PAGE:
6. Make two trips. This one comes from Good Housekeeping, too. When you are food shopping, don’t head down the personal-care aisle or look for other non-grocery items. Get what you came for and avoid paying for convenience by stopping by a pharmacy on your way home for that mouthwash that would have cost you an extra buck at the supermarket.

Till tomorrow,
C

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junk_food_junkieYou are sending out resumes, making contacts and taking on new freelance work, but what about your health? Often we find it hard to put all our concentration towards one thing and be successful at something else at the same time. The same is true of eating right and exercising during a transition period like losing your job.

Here’s a list of what I do to keep myself in check. None of these are amazing revelations, yet we still don’t do any of them and they all can help tremendously.

1- Write it down.
I spend my day writing—cover letters, blog posts, articles—so I write down what I eat, too. Did you have a bagel for breakfast? Don’t have a sandwich for lunch; try soup instead. If you had pizza last night for dinner, have some eggs and turkey bacon for breakfast instead of a toaster strudel. Being able to see what you’ve been eating (don’t forget to include the little things too—like that Hershey’s kiss every time you pass the candy jar), will help prevent you from binging or treating yourself a little too often.

2- Close your laptop and get your butt off that chair. Take 30 minutes to an hour at noon or so for a physical break. I understand that the computer has power over you and you can’t bare to tear yourself away from it, but you must. I have a treadmill and elliptical machine in my basement, so I utilize those during my physical break. But you don’t need that kind of equipment. And just because its somewhat cold out, doesn’t mean your legs can’t move. Take a brisk 20 minute walk around your neighborhood and maybe pick up your laundry while you’re at it—double the efficiency.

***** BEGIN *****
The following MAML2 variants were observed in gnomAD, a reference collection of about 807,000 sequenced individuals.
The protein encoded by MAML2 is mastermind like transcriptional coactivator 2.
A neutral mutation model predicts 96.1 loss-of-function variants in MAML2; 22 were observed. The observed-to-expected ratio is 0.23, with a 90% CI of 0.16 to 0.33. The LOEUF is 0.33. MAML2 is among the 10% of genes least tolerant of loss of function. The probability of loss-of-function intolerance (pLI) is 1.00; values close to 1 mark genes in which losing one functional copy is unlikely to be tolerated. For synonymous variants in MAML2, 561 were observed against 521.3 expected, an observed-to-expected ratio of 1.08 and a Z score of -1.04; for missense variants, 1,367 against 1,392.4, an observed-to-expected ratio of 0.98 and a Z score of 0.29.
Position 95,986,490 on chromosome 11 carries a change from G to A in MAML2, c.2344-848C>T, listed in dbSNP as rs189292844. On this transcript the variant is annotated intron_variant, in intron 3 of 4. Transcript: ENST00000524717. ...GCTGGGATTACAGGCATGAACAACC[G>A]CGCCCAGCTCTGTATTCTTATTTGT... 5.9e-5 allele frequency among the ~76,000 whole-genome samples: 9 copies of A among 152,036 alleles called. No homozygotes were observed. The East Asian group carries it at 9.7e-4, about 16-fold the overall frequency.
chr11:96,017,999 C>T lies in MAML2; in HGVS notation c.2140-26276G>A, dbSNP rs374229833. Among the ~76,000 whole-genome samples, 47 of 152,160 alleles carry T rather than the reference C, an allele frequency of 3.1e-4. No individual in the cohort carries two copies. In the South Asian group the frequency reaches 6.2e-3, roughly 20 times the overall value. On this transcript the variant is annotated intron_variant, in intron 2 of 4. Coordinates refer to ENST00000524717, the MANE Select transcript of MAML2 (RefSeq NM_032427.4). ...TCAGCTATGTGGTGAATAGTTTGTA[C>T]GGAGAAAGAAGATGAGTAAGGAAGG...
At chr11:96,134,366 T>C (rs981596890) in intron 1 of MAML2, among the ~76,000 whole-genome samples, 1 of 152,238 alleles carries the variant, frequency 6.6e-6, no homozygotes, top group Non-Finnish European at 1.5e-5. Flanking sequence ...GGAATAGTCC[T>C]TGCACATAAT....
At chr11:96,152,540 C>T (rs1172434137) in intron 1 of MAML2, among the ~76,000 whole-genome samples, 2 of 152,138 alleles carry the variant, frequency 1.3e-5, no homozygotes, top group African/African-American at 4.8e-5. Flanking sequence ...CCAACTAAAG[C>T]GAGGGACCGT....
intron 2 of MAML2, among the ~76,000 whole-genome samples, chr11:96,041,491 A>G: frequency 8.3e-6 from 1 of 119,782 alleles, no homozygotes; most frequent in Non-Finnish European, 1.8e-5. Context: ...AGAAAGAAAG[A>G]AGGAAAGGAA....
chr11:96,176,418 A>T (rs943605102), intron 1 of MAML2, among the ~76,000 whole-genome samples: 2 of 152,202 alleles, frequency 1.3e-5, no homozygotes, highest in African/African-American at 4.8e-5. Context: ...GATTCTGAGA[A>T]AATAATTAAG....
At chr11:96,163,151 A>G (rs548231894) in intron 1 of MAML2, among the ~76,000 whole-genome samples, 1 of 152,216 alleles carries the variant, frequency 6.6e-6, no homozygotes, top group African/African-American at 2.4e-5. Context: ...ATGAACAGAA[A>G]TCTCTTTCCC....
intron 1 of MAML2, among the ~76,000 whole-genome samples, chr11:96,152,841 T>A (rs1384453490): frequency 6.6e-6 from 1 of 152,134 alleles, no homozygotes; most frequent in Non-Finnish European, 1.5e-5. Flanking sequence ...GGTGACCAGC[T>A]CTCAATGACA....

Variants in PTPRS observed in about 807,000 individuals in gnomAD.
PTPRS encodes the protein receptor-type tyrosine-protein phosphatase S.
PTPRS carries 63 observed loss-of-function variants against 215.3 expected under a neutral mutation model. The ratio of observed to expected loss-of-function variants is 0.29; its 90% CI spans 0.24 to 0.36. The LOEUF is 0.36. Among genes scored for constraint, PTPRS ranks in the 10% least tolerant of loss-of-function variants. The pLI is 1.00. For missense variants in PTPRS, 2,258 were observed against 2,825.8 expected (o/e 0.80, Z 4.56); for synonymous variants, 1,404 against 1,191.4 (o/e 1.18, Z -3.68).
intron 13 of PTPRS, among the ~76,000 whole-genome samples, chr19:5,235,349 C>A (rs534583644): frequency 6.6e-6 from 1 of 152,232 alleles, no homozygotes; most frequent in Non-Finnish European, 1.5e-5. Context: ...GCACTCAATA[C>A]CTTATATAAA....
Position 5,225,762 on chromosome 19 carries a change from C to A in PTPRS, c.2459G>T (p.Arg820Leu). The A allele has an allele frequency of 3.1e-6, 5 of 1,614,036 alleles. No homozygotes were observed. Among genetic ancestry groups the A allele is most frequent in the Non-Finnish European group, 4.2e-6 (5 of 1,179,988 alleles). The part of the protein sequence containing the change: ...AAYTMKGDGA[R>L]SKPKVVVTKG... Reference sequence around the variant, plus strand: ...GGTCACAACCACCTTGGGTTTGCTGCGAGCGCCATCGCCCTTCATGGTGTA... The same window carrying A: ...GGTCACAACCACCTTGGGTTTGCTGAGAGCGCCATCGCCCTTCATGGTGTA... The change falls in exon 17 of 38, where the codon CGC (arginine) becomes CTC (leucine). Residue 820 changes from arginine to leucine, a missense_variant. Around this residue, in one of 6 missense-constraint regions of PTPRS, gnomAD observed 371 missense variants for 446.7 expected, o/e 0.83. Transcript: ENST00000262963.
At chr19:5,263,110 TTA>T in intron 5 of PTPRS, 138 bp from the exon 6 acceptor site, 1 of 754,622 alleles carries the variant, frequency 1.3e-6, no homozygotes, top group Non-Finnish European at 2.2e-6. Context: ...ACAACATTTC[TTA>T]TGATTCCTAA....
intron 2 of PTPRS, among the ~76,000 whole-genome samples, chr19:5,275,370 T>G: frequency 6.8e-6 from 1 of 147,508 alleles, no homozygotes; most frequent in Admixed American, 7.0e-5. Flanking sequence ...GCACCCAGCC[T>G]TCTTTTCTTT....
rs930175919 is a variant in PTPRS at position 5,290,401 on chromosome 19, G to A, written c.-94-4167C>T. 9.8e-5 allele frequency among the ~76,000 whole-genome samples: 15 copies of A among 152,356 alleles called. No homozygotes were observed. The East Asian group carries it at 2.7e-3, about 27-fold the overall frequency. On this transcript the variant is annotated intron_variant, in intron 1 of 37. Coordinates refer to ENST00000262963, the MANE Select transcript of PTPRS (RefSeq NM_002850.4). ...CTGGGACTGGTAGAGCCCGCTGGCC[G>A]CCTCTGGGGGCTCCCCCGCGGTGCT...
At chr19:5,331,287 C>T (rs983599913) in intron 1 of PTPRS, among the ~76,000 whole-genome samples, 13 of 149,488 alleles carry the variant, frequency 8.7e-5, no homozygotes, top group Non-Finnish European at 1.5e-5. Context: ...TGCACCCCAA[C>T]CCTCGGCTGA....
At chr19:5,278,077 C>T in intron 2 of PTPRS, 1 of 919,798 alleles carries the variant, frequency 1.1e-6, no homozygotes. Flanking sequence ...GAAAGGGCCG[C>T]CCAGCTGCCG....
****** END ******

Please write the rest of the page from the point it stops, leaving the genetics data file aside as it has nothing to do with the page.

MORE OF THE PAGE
3- Sleep at least 7 hours. I’ve talked about this before, but keeping yourself on a good sleep schedule is super critical to successfully taking care of yourself. You can’t pass out to infomercials every night and wake up after 11 a.m. everyday, and expect yourself to get a bunch of productive work done. Try to get up at 8:30 (or 9 at  the latest) and hit the sack by midnight. You will have more energy, get more work done and be doing your body a big service, all at the same time.

Till tomorrow,
C

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chart-downEveryday we here of more layoffs, but the last couple of days I’ve been hearing of them pretty close to home. I want to jump through the phone and console the crazy and unpredictable emotions on the other end of the line, but I know no matter what I say, everyone has to go through their own mourning time. You do actually mourn—you mourn the loss of your job and to some, your identity.

If someone you know is worried about getting laid off or does lose their job, don’t attack them with how you’re handling it. They came to you because they know you are going through it too, but instead of giving into the temptation to advise, I would just let them know you are there for them. It sounds corny, but just knowing you are not alone is a key part to managing the situation. You can hear about 30,000 jobs being cut or 100,000 here and there, but you still feel as if you are the only one going through it.